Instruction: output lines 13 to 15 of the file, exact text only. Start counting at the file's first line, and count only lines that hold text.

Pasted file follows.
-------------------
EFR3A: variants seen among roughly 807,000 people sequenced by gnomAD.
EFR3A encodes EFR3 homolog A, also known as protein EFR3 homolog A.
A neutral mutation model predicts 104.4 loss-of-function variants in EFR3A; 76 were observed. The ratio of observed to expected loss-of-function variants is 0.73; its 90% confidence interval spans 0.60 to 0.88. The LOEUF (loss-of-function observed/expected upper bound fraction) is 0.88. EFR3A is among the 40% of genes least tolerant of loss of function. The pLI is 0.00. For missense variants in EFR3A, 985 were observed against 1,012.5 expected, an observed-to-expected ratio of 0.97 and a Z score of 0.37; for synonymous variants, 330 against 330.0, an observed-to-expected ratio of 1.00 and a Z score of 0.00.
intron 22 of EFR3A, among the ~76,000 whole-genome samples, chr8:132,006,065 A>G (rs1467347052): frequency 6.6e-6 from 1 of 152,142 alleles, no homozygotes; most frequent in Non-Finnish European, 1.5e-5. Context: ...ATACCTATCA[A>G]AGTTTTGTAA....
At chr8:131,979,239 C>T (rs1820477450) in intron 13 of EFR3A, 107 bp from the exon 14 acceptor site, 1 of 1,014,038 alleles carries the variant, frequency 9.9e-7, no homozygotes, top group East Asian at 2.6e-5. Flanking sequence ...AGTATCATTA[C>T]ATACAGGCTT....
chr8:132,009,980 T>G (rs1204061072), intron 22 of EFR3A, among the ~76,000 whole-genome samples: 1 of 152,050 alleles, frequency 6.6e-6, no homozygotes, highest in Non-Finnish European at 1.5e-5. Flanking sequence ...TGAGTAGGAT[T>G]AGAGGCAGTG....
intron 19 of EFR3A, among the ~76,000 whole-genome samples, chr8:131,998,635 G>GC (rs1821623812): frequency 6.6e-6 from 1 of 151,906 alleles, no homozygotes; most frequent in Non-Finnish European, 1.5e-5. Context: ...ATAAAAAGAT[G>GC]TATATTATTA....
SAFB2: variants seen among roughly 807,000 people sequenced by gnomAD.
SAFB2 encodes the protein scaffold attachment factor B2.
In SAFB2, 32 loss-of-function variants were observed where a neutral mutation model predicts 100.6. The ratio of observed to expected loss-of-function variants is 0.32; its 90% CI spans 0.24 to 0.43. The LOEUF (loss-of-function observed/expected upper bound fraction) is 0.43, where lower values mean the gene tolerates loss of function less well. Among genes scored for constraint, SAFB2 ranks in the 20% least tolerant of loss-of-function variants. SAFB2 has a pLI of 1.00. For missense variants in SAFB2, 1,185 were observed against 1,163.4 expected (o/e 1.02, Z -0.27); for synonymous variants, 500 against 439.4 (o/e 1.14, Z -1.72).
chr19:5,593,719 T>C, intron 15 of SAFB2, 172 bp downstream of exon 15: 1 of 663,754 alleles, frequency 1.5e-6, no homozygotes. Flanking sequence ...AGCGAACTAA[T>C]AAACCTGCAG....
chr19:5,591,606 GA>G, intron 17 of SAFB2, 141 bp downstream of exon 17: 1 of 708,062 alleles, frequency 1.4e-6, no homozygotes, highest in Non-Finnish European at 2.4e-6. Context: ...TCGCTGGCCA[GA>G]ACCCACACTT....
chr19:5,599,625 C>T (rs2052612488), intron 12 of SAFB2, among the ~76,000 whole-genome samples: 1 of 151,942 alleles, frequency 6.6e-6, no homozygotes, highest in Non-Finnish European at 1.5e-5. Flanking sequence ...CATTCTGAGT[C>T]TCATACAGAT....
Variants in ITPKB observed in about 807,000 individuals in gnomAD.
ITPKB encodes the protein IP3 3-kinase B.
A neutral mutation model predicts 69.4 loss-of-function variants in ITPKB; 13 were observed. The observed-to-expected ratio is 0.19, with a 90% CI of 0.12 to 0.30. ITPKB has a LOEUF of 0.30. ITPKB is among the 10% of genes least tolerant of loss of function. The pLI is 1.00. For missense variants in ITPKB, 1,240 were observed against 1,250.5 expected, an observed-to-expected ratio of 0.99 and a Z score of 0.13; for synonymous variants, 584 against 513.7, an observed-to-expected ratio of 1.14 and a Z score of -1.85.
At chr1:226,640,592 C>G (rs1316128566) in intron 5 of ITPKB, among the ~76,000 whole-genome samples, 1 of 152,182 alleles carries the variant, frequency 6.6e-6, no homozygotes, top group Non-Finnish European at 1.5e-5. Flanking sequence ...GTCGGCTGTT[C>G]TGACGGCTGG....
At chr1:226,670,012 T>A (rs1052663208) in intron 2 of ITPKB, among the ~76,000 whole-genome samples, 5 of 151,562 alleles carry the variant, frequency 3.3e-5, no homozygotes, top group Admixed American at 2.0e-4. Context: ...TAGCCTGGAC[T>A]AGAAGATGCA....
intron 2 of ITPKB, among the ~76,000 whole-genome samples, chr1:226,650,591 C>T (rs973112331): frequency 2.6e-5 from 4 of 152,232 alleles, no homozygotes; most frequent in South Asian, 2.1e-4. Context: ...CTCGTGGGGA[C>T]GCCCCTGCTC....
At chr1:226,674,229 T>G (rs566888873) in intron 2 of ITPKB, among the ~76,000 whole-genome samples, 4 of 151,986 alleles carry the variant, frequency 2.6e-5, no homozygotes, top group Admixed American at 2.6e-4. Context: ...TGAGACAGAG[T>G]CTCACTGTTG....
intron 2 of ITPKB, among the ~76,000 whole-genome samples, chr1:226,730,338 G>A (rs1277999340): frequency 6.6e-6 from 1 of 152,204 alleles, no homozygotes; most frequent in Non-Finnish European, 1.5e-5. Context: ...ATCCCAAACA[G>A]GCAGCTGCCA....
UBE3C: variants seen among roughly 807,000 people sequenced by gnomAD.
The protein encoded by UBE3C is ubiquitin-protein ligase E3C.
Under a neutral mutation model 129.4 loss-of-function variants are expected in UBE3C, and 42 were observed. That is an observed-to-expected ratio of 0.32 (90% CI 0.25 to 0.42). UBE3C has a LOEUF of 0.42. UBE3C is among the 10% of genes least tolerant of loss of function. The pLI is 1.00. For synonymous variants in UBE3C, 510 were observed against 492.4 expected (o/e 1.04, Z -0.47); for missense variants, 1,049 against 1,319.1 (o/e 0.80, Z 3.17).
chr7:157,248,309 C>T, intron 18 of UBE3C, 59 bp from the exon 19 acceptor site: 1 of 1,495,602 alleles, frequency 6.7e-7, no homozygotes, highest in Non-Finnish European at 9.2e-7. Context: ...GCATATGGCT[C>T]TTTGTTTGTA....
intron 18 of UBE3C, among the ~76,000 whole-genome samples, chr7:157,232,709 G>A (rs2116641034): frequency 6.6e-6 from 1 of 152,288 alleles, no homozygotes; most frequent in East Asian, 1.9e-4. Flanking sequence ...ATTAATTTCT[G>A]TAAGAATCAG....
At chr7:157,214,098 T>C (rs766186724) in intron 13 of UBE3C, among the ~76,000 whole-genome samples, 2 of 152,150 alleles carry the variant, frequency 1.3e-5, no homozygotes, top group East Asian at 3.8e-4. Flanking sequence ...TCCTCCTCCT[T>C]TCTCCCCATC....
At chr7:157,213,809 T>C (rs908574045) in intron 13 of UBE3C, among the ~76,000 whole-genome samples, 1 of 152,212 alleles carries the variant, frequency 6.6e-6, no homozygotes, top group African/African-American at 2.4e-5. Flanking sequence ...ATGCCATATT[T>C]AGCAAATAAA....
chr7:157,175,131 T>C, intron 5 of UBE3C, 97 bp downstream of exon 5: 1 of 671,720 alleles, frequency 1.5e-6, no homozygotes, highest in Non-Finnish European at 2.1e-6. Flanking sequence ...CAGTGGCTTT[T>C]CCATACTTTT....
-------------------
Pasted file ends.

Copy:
chr19:5,599,625 C>T (rs2052612488), intron 12 of SAFB2, among the ~76,000 whole-genome samples: 1 of 151,942 alleles, frequency 6.6e-6, no homozygotes, highest in Non-Finnish European at 1.5e-5. Flanking sequence ...CATTCTGAGT[C>T]TCATACAGAT....
Variants in ITPKB observed in about 807,000 individuals in gnomAD.
ITPKB encodes the protein IP3 3-kinase B.